In short, this supposed new normal in which we are entering (or which we are already living) is not new, but it responds to a series of underlying trends that have been dragging us for some years now. Yet, the experience of the pandemic should help us finally become aware that we are facing a very complex world. The crisis opens opportunities for us, accelerates some trends, but we continue to navigate through a Mare Tenebrarum in which there are dragons. And this is not new.

We live in a paradoxical world. On the one hand, we live immersed in an avalanche of information, where it is difficult for us to separate the signal from the noise, but, on the other hand, we face many situations where we do not even know what we do not know. Although, again, this is not a new scenario.

We are afraid of the possibility of suffering health problems, climate change, cyberattacks, losing our freedoms as citizens, and losing our jobs.

We live in a context where the pandemic, limitations to mobility and social relations, and the economic crisis have affected the mental health of thousands of people.

As Nassim Taleb said, we live in an era of ‘black swans’, i.e., extreme unexpected events we humans tend to rationalize as if we could have foreseen them. Yet, many of these black swans are not swans, but ‘black elephants’ in the sense investor Adam Sweidan gave this term in 2014 when he used it to qualify certain environmental risks that some people try to make us look like ‘black swans’ when in fact they are ‘Elephants in the room’.

We live in a world that generates anxiety. Sometimes it is because we don’t see a way out of the situations we face. Although other times it is due to the opposite reason. We feel anxiety because we have way too many options to choose from, and it is difficult for us to decide which one is the best, or we are afraid of forgetting an alternative. And it can also be due to the frustration we sometimes feel when, by choosing one among many options, we give up the rest.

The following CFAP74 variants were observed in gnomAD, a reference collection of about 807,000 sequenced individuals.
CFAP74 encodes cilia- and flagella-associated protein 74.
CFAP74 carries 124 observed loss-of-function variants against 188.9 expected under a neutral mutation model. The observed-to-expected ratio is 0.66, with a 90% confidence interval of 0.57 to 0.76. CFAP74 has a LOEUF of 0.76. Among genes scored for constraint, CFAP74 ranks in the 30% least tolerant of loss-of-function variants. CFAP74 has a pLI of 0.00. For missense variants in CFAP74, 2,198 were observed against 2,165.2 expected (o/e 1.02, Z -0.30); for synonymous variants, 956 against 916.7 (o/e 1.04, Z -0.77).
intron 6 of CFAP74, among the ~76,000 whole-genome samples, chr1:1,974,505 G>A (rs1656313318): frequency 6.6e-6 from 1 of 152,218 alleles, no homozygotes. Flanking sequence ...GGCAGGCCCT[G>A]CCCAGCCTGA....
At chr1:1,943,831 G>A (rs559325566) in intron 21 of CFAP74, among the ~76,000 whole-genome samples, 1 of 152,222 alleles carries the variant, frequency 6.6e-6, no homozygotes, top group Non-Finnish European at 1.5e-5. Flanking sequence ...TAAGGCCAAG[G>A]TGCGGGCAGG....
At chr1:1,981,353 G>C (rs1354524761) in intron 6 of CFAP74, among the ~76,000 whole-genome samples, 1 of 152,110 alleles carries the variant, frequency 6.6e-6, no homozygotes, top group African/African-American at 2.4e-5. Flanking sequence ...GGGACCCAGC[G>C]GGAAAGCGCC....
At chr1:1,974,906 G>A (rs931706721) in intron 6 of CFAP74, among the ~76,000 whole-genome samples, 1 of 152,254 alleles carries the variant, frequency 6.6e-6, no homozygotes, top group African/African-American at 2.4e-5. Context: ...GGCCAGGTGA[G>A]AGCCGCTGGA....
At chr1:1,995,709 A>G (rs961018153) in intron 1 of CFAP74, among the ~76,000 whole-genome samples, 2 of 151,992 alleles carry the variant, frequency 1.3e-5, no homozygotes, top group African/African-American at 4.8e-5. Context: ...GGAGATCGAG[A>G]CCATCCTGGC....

We live in a very uncertain environment that often leads to imitation. It leads us to end up taking as a model (or directly copying) what other organizations we perceive as successful are already doing, without thinking that no two organizations are the same and that, therefore, what works for one organization does not have to work for ours.

We also live in an incomprehensible non-linear environment we tend to simplify by building models for which we then look for optimal solutions, not realizing that when we seek optimal solutions for a simplified version of the world, we are cheating ourselves.

It is what happens many times we make decisions based on averages. We decide as if the solution that meets the needs of the mean also meets the needs of a large proportion (or the most critical) of the elements of the set on which we want to act. The problem is that those averages can hide abnormal distributions or unlikely high-impact events, such as a volcanic eruption or a pandemic.

Thus, the issue is not just that the post-COVID new normal is not new. The point is that the post-COVID new normal is neither new nor normal. We face a non-normal scenario with which we need to learn to relate differently, starting with paying more and better attention to what happens around us. It is complicated in a world full of noise, no doubt. But we cannot use this as an excuse. We must understand once and for all that, in the non-normal context in which we have lived for more than a decade, the devil is in the details, hence paying more attention to small details is a matter of survival. The COVID crisis at least should help us to gain awareness of that.

An article by
Santi Garcia